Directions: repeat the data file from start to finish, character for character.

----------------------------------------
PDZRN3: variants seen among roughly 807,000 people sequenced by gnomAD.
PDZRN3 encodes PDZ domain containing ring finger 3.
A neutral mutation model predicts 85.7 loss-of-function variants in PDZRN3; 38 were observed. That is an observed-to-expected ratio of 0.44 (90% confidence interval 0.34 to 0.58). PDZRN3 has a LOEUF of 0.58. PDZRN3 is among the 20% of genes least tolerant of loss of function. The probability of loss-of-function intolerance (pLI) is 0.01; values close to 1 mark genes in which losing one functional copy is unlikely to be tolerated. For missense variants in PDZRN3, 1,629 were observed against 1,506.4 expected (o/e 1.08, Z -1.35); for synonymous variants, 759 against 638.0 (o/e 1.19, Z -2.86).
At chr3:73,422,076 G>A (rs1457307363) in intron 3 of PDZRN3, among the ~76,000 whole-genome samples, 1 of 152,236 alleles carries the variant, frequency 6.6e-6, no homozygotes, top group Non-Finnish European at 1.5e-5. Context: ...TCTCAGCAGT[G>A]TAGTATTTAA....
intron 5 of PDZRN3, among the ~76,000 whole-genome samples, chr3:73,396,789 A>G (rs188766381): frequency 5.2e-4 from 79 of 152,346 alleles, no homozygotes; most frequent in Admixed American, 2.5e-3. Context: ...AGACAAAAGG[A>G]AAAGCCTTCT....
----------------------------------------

PDZRN3: variants seen among roughly 807,000 people sequenced by gnomAD.
PDZRN3 encodes PDZ domain containing ring finger 3.
A neutral mutation model predicts 85.7 loss-of-function variants in PDZRN3; 38 were observed. That is an observed-to-expected ratio of 0.44 (90% confidence interval 0.34 to 0.58). PDZRN3 has a LOEUF of 0.58. PDZRN3 is among the 20% of genes least tolerant of loss of function. The probability of loss-of-function intolerance (pLI) is 0.01; values close to 1 mark genes in which losing one functional copy is unlikely to be tolerated. For missense variants in PDZRN3, 1,629 were observed against 1,506.4 expected (o/e 1.08, Z -1.35); for synonymous variants, 759 against 638.0 (o/e 1.19, Z -2.86).
At chr3:73,422,076 G>A (rs1457307363) in intron 3 of PDZRN3, among the ~76,000 whole-genome samples, 1 of 152,236 alleles carries the variant, frequency 6.6e-6, no homozygotes, top group Non-Finnish European at 1.5e-5. Context: ...TCTCAGCAGT[G>A]TAGTATTTAA....
intron 5 of PDZRN3, among the ~76,000 whole-genome samples, chr3:73,396,789 A>G (rs188766381): frequency 5.2e-4 from 79 of 152,346 alleles, no homozygotes; most frequent in Admixed American, 2.5e-3. Context: ...AGACAAAAGG[A>G]AAAGCCTTCT....